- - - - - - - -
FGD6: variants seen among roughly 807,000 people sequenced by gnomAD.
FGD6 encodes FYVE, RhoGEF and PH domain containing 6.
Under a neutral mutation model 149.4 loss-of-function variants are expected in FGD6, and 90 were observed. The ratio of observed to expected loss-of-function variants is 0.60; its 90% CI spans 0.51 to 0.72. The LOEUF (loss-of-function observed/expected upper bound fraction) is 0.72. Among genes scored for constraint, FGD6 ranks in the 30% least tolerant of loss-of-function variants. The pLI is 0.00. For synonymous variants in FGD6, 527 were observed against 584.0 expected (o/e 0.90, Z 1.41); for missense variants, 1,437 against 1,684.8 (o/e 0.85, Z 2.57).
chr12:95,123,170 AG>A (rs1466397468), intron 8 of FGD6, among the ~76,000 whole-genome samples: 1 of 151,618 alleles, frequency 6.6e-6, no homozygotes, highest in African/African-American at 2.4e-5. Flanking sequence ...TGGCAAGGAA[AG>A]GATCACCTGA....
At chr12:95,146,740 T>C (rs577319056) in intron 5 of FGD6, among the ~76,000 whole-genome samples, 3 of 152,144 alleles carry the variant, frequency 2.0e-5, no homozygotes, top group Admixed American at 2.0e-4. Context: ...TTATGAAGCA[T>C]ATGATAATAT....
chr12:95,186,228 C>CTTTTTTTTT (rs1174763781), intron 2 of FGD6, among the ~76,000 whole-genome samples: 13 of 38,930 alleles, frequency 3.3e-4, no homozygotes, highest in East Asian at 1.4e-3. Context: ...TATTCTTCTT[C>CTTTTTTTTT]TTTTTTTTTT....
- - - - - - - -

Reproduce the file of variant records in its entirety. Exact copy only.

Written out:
FGD6: variants seen among roughly 807,000 people sequenced by gnomAD.
FGD6 encodes FYVE, RhoGEF and PH domain containing 6.
Under a neutral mutation model 149.4 loss-of-function variants are expected in FGD6, and 90 were observed. The ratio of observed to expected loss-of-function variants is 0.60; its 90% CI spans 0.51 to 0.72. The LOEUF (loss-of-function observed/expected upper bound fraction) is 0.72. Among genes scored for constraint, FGD6 ranks in the 30% least tolerant of loss-of-function variants. The pLI is 0.00. For synonymous variants in FGD6, 527 were observed against 584.0 expected (o/e 0.90, Z 1.41); for missense variants, 1,437 against 1,684.8 (o/e 0.85, Z 2.57).
chr12:95,123,170 AG>A (rs1466397468), intron 8 of FGD6, among the ~76,000 whole-genome samples: 1 of 151,618 alleles, frequency 6.6e-6, no homozygotes, highest in African/African-American at 2.4e-5. Flanking sequence ...TGGCAAGGAA[AG>A]GATCACCTGA....
At chr12:95,146,740 T>C (rs577319056) in intron 5 of FGD6, among the ~76,000 whole-genome samples, 3 of 152,144 alleles carry the variant, frequency 2.0e-5, no homozygotes, top group Admixed American at 2.0e-4. Context: ...TTATGAAGCA[T>C]ATGATAATAT....
chr12:95,186,228 C>CTTTTTTTTT (rs1174763781), intron 2 of FGD6, among the ~76,000 whole-genome samples: 13 of 38,930 alleles, frequency 3.3e-4, no homozygotes, highest in East Asian at 1.4e-3. Context: ...TATTCTTCTT[C>CTTTTTTTTT]TTTTTTTTTT....